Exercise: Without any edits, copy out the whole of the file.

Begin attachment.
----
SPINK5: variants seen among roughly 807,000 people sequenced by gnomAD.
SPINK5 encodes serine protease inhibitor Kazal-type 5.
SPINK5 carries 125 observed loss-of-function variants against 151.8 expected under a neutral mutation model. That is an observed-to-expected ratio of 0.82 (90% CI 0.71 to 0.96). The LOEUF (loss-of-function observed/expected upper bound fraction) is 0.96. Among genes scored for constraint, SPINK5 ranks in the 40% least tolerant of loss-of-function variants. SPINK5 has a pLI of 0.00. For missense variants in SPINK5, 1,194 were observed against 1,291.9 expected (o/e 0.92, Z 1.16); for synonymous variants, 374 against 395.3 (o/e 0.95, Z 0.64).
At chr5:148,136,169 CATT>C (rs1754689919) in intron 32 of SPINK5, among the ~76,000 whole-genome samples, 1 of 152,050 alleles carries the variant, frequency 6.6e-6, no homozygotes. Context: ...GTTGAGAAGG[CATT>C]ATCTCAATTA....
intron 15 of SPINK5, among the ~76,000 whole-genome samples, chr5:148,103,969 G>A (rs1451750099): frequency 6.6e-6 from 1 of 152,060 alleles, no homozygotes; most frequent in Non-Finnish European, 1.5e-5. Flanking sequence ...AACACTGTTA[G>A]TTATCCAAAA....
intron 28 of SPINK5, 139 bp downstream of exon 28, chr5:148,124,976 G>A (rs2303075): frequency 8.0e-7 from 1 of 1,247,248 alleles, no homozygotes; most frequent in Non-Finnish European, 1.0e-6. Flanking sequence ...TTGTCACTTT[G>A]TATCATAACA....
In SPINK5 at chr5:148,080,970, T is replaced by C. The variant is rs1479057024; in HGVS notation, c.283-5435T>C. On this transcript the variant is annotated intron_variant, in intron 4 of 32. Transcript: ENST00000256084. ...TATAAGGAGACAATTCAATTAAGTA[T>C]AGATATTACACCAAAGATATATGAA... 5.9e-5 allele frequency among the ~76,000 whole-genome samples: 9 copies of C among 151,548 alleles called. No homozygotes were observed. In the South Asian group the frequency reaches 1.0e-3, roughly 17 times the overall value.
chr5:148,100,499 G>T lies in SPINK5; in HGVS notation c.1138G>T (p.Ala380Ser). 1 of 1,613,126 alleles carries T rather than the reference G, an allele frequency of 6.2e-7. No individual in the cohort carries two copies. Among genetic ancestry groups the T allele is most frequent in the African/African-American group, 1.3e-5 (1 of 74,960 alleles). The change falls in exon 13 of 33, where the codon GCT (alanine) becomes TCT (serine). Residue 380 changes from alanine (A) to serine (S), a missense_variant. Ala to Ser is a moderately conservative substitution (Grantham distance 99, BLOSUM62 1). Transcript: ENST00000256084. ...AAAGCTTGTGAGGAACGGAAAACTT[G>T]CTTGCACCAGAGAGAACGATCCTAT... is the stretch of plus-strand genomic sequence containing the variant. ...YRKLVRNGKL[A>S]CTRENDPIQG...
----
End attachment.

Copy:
SPINK5: variants seen among roughly 807,000 people sequenced by gnomAD.
SPINK5 encodes serine protease inhibitor Kazal-type 5.
SPINK5 carries 125 observed loss-of-function variants against 151.8 expected under a neutral mutation model. That is an observed-to-expected ratio of 0.82 (90% CI 0.71 to 0.96). The LOEUF (loss-of-function observed/expected upper bound fraction) is 0.96. Among genes scored for constraint, SPINK5 ranks in the 40% least tolerant of loss-of-function variants. SPINK5 has a pLI of 0.00. For missense variants in SPINK5, 1,194 were observed against 1,291.9 expected (o/e 0.92, Z 1.16); for synonymous variants, 374 against 395.3 (o/e 0.95, Z 0.64).
At chr5:148,136,169 CATT>C (rs1754689919) in intron 32 of SPINK5, among the ~76,000 whole-genome samples, 1 of 152,050 alleles carries the variant, frequency 6.6e-6, no homozygotes. Context: ...GTTGAGAAGG[CATT>C]ATCTCAATTA....
intron 15 of SPINK5, among the ~76,000 whole-genome samples, chr5:148,103,969 G>A (rs1451750099): frequency 6.6e-6 from 1 of 152,060 alleles, no homozygotes; most frequent in Non-Finnish European, 1.5e-5. Flanking sequence ...AACACTGTTA[G>A]TTATCCAAAA....
intron 28 of SPINK5, 139 bp downstream of exon 28, chr5:148,124,976 G>A (rs2303075): frequency 8.0e-7 from 1 of 1,247,248 alleles, no homozygotes; most frequent in Non-Finnish European, 1.0e-6. Flanking sequence ...TTGTCACTTT[G>A]TATCATAACA....
In SPINK5 at chr5:148,080,970, T is replaced by C. The variant is rs1479057024; in HGVS notation, c.283-5435T>C. On this transcript the variant is annotated intron_variant, in intron 4 of 32. Transcript: ENST00000256084. ...TATAAGGAGACAATTCAATTAAGTA[T>C]AGATATTACACCAAAGATATATGAA... 5.9e-5 allele frequency among the ~76,000 whole-genome samples: 9 copies of C among 151,548 alleles called. No homozygotes were observed. In the South Asian group the frequency reaches 1.0e-3, roughly 17 times the overall value.
chr5:148,100,499 G>T lies in SPINK5; in HGVS notation c.1138G>T (p.Ala380Ser). 1 of 1,613,126 alleles carries T rather than the reference G, an allele frequency of 6.2e-7. No individual in the cohort carries two copies. Among genetic ancestry groups the T allele is most frequent in the African/African-American group, 1.3e-5 (1 of 74,960 alleles). The change falls in exon 13 of 33, where the codon GCT (alanine) becomes TCT (serine). Residue 380 changes from alanine (A) to serine (S), a missense_variant. Ala to Ser is a moderately conservative substitution (Grantham distance 99, BLOSUM62 1). Transcript: ENST00000256084. ...AAAGCTTGTGAGGAACGGAAAACTT[G>T]CTTGCACCAGAGAGAACGATCCTAT... is the stretch of plus-strand genomic sequence containing the variant. ...YRKLVRNGKL[A>S]CTRENDPIQG...